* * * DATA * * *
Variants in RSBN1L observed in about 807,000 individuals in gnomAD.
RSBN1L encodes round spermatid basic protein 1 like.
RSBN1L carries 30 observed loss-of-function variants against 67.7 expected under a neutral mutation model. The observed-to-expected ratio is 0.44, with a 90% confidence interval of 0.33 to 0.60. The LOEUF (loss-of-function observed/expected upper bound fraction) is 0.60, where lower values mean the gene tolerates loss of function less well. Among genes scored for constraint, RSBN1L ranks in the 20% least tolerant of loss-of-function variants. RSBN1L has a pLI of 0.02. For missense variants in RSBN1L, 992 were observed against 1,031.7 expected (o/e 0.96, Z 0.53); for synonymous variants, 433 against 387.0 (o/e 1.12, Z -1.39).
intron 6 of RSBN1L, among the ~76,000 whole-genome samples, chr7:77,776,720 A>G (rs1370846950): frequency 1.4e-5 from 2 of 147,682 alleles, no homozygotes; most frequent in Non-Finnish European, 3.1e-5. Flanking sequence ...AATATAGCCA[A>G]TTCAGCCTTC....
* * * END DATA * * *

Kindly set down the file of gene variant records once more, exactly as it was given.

Variants in RSBN1L observed in about 807,000 individuals in gnomAD.
RSBN1L encodes round spermatid basic protein 1 like.
RSBN1L carries 30 observed loss-of-function variants against 67.7 expected under a neutral mutation model. The observed-to-expected ratio is 0.44, with a 90% confidence interval of 0.33 to 0.60. The LOEUF (loss-of-function observed/expected upper bound fraction) is 0.60, where lower values mean the gene tolerates loss of function less well. Among genes scored for constraint, RSBN1L ranks in the 20% least tolerant of loss-of-function variants. RSBN1L has a pLI of 0.02. For missense variants in RSBN1L, 992 were observed against 1,031.7 expected (o/e 0.96, Z 0.53); for synonymous variants, 433 against 387.0 (o/e 1.12, Z -1.39).
intron 6 of RSBN1L, among the ~76,000 whole-genome samples, chr7:77,776,720 A>G (rs1370846950): frequency 1.4e-5 from 2 of 147,682 alleles, no homozygotes; most frequent in Non-Finnish European, 3.1e-5. Flanking sequence ...AATATAGCCA[A>G]TTCAGCCTTC....